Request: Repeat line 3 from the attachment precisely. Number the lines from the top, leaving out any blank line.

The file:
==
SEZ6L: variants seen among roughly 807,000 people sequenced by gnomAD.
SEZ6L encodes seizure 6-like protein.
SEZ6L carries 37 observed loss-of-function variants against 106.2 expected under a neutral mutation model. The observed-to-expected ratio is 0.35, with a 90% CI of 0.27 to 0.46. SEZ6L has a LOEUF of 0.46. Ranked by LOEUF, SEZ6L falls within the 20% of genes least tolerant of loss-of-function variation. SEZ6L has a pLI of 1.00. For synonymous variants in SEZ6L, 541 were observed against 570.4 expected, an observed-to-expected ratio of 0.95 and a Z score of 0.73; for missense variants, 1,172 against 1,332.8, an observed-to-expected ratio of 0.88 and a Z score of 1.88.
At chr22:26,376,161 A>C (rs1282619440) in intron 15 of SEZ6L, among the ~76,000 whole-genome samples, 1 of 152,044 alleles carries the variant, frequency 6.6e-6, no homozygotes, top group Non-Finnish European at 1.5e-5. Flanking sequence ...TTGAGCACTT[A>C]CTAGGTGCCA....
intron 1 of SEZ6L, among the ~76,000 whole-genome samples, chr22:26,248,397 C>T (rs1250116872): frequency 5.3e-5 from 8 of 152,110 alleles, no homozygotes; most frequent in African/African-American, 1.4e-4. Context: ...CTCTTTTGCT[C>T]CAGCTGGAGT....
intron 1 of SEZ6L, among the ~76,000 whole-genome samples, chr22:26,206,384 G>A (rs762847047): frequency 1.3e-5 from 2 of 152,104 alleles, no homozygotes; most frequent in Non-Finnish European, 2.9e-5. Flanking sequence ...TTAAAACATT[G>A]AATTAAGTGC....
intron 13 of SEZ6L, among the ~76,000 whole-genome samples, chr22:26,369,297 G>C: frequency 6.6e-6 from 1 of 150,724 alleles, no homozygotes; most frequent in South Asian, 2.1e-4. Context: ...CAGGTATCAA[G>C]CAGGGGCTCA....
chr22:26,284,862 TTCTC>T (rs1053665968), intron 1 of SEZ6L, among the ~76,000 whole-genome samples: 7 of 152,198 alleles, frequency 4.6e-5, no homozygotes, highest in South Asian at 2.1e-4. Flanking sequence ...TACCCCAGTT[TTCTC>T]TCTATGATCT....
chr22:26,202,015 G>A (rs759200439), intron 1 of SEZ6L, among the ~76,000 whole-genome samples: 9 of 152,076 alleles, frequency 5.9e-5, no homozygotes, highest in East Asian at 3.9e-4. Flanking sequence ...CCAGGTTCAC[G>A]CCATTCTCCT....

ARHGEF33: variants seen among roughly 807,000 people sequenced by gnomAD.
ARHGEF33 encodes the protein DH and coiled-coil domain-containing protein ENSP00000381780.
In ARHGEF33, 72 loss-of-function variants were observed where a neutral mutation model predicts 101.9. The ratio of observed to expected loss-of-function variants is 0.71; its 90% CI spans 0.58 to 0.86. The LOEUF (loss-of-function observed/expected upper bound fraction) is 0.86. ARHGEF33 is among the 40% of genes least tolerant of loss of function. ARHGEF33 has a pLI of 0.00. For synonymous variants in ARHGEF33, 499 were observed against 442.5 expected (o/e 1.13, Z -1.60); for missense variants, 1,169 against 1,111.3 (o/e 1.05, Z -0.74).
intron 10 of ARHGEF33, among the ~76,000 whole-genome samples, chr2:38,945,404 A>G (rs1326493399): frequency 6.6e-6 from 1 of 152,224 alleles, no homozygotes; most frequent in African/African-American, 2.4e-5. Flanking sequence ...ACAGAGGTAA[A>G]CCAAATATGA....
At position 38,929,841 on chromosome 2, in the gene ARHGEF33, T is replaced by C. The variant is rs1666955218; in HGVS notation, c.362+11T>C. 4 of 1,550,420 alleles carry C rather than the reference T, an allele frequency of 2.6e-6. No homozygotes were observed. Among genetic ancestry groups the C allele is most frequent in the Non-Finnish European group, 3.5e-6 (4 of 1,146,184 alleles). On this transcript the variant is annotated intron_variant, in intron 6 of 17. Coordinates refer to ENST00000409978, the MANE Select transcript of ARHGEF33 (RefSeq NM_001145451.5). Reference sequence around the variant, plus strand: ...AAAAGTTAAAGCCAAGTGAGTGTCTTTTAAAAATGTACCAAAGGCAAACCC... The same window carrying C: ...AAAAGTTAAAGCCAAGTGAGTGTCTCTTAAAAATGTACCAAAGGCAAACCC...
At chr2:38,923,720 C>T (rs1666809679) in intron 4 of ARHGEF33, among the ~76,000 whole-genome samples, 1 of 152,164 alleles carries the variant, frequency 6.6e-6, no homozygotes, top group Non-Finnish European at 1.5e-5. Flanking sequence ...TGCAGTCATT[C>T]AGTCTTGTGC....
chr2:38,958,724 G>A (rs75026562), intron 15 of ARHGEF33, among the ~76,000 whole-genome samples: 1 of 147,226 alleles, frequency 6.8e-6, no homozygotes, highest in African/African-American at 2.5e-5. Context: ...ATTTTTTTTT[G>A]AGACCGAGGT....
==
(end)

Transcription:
SEZ6L carries 37 observed loss-of-function variants against 106.2 expected under a neutral mutation model. The observed-to-expected ratio is 0.35, with a 90% CI of 0.27 to 0.46. SEZ6L has a LOEUF of 0.46. Ranked by LOEUF, SEZ6L falls within the 20% of genes least tolerant of loss-of-function variation. SEZ6L has a pLI of 1.00. For synonymous variants in SEZ6L, 541 were observed against 570.4 expected, an observed-to-expected ratio of 0.95 and a Z score of 0.73; for missense variants, 1,172 against 1,332.8, an observed-to-expected ratio of 0.88 and a Z score of 1.88.